Sandi Caganoff

SANDI CAGANOFF sweats it out in Alexandra

I spent just two hours in Alex. Me, 20 000 other runners, and my perspiration. The heat was unbearable, I hadn’t trained. My legs were stiff before I started. My head ached from an excess of wine the night before. The drums rolled and we set off.  Slowly at first, from Katherine Street in Sandton, along the highway and into Alex.

Entering Alex on foot. Picture: Sandi Caganoff

I jogged for about a kilometer.  Then suddenly I was in Alex and blown away. I’ve been into townships before, but this was a very different world. I slowed down to a walk.

There was dirt and sewerage.  Goats wandered the higgledy piggledy roads. Young girls had babies on their backs. Small boys played soccer in the dust or pushed homemade wire cars. No greenery.  Nothing pretty. But everything was alive.  Vibrant.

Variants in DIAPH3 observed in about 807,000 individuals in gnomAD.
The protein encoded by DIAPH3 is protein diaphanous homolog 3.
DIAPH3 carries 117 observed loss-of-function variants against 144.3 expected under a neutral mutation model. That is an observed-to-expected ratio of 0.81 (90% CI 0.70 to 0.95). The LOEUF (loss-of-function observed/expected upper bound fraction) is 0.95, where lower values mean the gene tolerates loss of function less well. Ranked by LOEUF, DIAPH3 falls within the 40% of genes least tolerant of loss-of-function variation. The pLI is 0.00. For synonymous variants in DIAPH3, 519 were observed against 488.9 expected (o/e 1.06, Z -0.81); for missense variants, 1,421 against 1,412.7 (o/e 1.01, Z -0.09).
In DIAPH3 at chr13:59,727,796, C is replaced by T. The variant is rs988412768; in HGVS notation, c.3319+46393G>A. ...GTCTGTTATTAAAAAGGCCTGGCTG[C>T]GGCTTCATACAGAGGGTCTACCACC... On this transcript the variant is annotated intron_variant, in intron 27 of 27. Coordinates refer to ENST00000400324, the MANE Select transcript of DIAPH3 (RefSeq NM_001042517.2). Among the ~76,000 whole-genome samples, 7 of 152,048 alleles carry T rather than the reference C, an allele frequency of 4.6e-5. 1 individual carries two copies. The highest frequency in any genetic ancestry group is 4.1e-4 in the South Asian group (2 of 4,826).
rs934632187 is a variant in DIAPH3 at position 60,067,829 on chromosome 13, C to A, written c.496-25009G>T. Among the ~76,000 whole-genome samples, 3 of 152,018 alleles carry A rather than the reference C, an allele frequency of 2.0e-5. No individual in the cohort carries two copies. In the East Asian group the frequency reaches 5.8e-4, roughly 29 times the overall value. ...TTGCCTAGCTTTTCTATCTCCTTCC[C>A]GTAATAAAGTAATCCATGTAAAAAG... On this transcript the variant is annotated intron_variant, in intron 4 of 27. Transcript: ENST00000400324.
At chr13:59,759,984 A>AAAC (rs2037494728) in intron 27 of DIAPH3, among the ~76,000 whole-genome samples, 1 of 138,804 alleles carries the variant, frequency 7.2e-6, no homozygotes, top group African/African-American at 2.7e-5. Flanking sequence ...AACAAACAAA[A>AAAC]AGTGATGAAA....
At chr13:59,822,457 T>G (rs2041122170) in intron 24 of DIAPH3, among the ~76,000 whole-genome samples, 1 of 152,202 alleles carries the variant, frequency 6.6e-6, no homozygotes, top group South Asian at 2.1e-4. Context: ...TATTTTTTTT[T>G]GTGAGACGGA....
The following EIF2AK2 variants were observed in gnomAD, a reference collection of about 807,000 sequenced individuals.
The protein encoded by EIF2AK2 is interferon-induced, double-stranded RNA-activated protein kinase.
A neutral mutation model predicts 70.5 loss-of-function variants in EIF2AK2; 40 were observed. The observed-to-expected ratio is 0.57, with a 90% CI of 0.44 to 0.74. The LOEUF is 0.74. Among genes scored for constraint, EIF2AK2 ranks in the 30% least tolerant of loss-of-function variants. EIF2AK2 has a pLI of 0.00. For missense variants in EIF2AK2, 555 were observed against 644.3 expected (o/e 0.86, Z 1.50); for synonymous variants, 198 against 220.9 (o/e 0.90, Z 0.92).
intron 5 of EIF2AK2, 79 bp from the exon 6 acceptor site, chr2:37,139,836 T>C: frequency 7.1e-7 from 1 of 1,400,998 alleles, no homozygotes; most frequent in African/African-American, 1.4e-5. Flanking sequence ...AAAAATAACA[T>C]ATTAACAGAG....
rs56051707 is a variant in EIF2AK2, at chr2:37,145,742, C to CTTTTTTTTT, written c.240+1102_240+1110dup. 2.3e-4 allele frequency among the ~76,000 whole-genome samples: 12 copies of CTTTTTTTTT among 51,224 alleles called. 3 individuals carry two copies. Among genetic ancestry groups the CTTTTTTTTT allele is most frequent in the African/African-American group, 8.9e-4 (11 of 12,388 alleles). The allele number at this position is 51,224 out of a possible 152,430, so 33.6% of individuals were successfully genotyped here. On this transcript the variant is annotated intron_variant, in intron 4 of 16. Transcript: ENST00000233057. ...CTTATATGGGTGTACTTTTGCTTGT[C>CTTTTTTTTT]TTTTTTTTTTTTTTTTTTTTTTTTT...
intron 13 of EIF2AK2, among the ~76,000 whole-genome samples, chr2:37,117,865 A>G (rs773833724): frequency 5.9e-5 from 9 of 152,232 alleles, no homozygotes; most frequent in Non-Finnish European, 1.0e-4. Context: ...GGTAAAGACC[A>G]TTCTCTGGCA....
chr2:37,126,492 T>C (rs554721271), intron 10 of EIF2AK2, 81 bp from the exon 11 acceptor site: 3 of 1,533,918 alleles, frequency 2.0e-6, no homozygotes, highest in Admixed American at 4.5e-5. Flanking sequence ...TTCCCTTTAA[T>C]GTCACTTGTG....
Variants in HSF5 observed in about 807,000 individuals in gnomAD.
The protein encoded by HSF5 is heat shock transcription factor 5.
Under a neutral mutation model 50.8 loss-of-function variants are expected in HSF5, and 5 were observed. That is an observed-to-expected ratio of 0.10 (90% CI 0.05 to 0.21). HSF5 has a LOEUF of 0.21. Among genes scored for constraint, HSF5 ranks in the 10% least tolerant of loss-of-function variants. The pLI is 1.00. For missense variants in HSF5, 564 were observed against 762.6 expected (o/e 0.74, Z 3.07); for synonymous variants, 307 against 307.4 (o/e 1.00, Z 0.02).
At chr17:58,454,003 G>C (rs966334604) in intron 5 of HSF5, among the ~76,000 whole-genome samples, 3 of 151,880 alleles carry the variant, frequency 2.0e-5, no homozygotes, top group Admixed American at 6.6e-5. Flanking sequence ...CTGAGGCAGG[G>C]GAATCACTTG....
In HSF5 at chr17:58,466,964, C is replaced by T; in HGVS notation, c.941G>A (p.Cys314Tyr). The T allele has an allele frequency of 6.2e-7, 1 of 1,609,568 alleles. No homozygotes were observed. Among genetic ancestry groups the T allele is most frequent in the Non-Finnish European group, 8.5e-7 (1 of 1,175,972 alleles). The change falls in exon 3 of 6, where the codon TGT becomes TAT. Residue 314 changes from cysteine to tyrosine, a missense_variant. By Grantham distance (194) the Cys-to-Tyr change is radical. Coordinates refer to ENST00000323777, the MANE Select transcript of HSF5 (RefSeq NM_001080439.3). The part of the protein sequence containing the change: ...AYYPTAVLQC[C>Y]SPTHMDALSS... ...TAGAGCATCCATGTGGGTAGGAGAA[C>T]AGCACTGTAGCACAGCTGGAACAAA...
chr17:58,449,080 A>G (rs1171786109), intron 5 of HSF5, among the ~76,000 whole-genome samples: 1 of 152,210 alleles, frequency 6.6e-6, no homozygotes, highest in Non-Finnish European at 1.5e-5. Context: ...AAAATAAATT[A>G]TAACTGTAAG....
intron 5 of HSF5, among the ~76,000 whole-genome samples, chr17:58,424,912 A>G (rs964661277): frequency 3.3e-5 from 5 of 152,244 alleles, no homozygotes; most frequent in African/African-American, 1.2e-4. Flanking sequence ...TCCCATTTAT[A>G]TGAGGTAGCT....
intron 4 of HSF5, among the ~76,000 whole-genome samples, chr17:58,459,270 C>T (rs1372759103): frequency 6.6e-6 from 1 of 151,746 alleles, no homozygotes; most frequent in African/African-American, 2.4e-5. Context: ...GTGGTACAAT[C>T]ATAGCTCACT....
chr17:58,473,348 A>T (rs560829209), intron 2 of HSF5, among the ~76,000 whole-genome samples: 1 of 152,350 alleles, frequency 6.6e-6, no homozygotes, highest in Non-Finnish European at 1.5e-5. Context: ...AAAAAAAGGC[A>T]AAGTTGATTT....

With throaty cheers, thousands of people stood outside their shacks, rooting for us. A man called out to me:  “Go Gogo. Go!”  I considered killing him, but his broad smile prevented any kind of murder.  An old woman gave me a glass of iced water, fearing I was going to drop dead on her shack stoep.

Children in Alex. Picture: Sandi Caganoff

The welcome was enormous. So was the rubbish and intrusion.  The dustbins were few. Empty coke cups and plastic bottles littered the small roads.  Joggers wandered around, taking photographs, going into people’s homes. Hawkers gave me bananas and refused money for them. A young girl wanted me to have her doll. Children sprayed me with water to cool me down. The experience was astonishing.

Alex is not a holiday destination.  But it is an eye opener. And a place we should all visit.  And while I know that this was a special day and that Alex has now returned to normal, the spirit of the community remains.

Do a tour.  Take pens, and crayons and books.  Walk.  Don’t run!

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